Posted on 29 November, 2012

Photo: Residents of Gumuruk village in Jonglei State return to their homes after spending a month fleeing violence in the bush. South Sudan 2012 © Robin Meldrum/MSF
South Sudan: Displacement and Destruction of Health Facilities in Jonglei State
Ongoing violence in South Sudan’s Jonglei state has had a devastating impact on tens of thousands of people, with many forcibly displaced and further cut off from health care due to the destruction of medical facilities.
While Jonglei state has a long history of intercommunal cattle-raiding, thousands of civilians, including women, and children as young as four months old, have been caught up in violent attacks since 2009, which usually occur during the dry season. A disarmament campaign begun in mid-2012 led to widespread insecurity and was accompanied by abuses against civilians. Further fighting in Jonglei between a militia group and South Sudan’s armed forces has compounded the violence, causing new displacements at the height of malaria season. Health care is threatened as medical facilities are targeted and destroyed.
“Patients arriving in MSF clinics seeking treatment for injuries describe how they have been forced to make devastating decisions about which children to flee with and which children to leave behind,” said Chris Lockyear, MSF operational manager. “What we are seeing is an emergency; the lives and health of Jonglei’s population are hanging by a thread. The dry season is now upon us, making movement around the area possible again, and we fear a further spike in violence, injury, and displacement.”

Photo: Residents of Gumuruk village in Jonglei State return to their homes after spending a month fleeing violence in the bush. South Sudan 2012 © Robin Meldrum/MSF

South Sudan: Displacement and Destruction of Health Facilities in Jonglei State

Ongoing violence in South Sudan’s Jonglei state has had a devastating impact on tens of thousands of people, with many forcibly displaced and further cut off from health care due to the destruction of medical facilities.

While Jonglei state has a long history of intercommunal cattle-raiding, thousands of civilians, including women, and children as young as four months old, have been caught up in violent attacks since 2009, which usually occur during the dry season. A disarmament campaign begun in mid-2012 led to widespread insecurity and was accompanied by abuses against civilians. Further fighting in Jonglei between a militia group and South Sudan’s armed forces has compounded the violence, causing new displacements at the height of malaria season. Health care is threatened as medical facilities are targeted and destroyed.

“Patients arriving in MSF clinics seeking treatment for injuries describe how they have been forced to make devastating decisions about which children to flee with and which children to leave behind,” said Chris Lockyear, MSF operational manager. “What we are seeing is an emergency; the lives and health of Jonglei’s population are hanging by a thread. The dry season is now upon us, making movement around the area possible again, and we fear a further spike in violence, injury, and displacement.”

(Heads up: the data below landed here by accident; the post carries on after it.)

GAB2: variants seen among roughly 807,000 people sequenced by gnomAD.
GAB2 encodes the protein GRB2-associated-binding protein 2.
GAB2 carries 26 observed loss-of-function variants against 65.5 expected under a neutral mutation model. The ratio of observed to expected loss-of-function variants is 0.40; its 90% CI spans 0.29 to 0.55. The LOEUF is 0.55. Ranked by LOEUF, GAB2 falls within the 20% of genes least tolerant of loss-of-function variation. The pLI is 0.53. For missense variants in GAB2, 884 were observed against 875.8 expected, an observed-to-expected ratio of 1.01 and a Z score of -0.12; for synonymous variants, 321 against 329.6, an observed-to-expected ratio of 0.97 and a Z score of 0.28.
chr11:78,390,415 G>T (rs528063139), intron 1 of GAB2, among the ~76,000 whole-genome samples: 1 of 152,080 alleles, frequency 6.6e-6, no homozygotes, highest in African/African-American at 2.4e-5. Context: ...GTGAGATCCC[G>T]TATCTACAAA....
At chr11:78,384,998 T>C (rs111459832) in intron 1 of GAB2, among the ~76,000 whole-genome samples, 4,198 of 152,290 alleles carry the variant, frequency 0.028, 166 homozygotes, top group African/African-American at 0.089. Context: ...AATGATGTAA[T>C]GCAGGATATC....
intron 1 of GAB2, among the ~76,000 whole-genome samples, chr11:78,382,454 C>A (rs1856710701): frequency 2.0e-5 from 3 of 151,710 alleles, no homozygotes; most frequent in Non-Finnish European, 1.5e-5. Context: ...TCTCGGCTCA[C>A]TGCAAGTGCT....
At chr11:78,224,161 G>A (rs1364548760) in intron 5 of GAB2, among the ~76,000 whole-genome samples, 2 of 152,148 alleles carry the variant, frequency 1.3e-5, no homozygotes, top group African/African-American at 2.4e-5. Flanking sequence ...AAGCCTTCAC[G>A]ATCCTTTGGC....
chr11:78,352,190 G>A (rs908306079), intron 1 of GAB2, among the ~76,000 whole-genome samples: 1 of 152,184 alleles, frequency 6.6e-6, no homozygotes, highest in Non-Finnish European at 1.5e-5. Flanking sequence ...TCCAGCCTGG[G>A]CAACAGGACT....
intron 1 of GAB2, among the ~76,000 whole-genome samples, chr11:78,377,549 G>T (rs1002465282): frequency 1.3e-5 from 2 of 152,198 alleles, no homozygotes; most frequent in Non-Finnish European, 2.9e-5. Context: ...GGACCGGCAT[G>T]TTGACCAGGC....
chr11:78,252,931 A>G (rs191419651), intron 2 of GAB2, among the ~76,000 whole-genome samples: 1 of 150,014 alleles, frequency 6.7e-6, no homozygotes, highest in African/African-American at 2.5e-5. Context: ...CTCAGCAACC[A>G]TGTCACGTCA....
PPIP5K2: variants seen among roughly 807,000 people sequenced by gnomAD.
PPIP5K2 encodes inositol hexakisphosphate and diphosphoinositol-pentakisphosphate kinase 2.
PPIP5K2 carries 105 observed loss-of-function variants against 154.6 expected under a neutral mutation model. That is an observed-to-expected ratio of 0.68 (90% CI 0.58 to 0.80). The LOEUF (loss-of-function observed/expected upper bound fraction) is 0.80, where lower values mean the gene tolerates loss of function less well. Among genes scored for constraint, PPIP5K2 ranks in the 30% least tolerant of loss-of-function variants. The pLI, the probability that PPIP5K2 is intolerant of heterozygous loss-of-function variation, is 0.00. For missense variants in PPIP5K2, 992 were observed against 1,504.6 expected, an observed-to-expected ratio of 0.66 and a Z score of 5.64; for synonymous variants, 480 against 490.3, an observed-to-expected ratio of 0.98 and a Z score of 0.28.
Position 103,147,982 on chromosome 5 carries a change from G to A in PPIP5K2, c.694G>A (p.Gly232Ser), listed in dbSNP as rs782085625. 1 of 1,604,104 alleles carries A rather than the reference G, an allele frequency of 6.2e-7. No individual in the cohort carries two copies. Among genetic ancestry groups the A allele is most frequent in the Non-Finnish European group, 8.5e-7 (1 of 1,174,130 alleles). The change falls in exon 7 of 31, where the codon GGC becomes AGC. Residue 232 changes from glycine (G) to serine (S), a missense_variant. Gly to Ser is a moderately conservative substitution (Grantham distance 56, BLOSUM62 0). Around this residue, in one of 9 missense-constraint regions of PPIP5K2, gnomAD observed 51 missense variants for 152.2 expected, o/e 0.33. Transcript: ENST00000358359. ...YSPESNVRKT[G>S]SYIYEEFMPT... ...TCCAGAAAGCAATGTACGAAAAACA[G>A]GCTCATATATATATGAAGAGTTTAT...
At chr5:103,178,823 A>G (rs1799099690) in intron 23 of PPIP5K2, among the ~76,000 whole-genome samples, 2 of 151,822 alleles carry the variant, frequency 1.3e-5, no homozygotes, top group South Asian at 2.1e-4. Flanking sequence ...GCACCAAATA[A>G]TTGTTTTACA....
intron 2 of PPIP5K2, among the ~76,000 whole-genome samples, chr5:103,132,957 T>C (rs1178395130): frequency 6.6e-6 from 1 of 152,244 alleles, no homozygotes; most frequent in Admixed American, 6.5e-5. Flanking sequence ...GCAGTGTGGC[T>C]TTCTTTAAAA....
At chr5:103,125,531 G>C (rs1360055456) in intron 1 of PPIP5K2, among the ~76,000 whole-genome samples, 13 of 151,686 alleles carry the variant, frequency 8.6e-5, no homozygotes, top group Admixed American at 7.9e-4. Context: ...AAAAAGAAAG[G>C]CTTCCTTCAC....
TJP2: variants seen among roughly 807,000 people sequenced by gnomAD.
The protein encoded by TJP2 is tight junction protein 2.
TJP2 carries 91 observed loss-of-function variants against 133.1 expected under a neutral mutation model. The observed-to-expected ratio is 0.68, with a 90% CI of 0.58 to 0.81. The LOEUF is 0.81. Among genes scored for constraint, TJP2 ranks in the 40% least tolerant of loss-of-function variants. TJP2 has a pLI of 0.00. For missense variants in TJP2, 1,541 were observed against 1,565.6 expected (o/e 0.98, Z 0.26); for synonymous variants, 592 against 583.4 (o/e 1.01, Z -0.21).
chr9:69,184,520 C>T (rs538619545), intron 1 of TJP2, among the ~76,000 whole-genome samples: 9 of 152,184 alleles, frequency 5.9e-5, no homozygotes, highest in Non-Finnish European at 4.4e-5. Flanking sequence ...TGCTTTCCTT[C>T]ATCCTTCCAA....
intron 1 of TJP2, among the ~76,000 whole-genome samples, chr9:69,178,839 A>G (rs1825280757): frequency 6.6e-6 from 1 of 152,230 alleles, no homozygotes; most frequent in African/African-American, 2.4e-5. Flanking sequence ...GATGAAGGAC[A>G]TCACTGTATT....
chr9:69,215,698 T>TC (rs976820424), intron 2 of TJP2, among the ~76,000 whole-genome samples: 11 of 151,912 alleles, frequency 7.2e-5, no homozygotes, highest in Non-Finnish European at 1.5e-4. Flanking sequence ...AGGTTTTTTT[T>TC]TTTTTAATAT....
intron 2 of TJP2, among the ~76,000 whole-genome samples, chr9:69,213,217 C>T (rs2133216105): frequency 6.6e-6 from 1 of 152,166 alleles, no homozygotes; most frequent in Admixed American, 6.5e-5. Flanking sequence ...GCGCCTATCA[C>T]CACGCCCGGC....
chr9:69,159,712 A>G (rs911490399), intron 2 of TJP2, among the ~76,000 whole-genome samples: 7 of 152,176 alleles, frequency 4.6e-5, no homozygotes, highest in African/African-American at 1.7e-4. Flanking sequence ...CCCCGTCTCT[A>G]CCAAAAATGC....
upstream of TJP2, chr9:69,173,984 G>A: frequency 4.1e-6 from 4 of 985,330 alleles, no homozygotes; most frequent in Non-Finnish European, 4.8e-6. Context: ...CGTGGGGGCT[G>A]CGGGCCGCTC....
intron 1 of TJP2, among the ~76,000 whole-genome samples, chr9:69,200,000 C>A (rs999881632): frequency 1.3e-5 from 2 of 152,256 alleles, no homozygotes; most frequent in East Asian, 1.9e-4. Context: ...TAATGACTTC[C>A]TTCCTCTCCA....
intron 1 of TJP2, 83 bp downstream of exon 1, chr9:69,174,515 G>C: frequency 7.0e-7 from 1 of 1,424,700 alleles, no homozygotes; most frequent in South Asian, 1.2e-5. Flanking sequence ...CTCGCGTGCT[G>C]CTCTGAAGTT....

Photo: Mateso Emilienne, 25, was picked up by MSF ambulance the previous day from Gatumba Health Center. Her baby was delivered via Caesarean section. Burundi 2012 © Sarah Elliott
Low-Cost Health Interventions Drastically Reducing Maternal Mortality in Sierra Leone and Burundi
Medical data gathered in 2011 from MSF projects in Bo, Sierra Leone, and Kabezi,Burundi indicate that the introduction of ambulance referral systems, together with the provision of emergency obstetric services, can significantly reduce the risk of women dying from pregnancy-related complications.
“You do not need state-of-the-art facilities or equipment to save many women’s lives,” said Vincent Lambert, MSF’s medical advisor for Burundi. “MSF’s experience can serve as an encouraging example for donors, governments and other NGOs considering investing in the improvement of access to emergency obstetric care in countries with high maternal mortality rates.”
The research, published in the paper, “Safe Delivery: Reducing maternal mortality in Sierra Leone and Burundi,” is the first of its kind to quantify the impact of such a model of care on maternal mortality in an African setting.

Photo: Mateso Emilienne, 25, was picked up by MSF ambulance the previous day from Gatumba Health Center. Her baby was delivered via Caesarean section. Burundi 2012 © Sarah Elliott

Low-Cost Health Interventions Drastically Reducing Maternal Mortality in Sierra Leone and Burundi


Medical data gathered in 2011 from MSF projects in Bo, Sierra Leone, and Kabezi,Burundi indicate that the introduction of ambulance referral systems, together with the provision of emergency obstetric services, can significantly reduce the risk of women dying from pregnancy-related complications.

“You do not need state-of-the-art facilities or equipment to save many women’s lives,” said Vincent Lambert, MSF’s medical advisor for Burundi. “MSF’s experience can serve as an encouraging example for donors, governments and other NGOs considering investing in the improvement of access to emergency obstetric care in countries with high maternal mortality rates.”

The research, published in the paper, “Safe Delivery: Reducing maternal mortality in Sierra Leone and Burundi,” is the first of its kind to quantify the impact of such a model of care on maternal mortality in an African setting.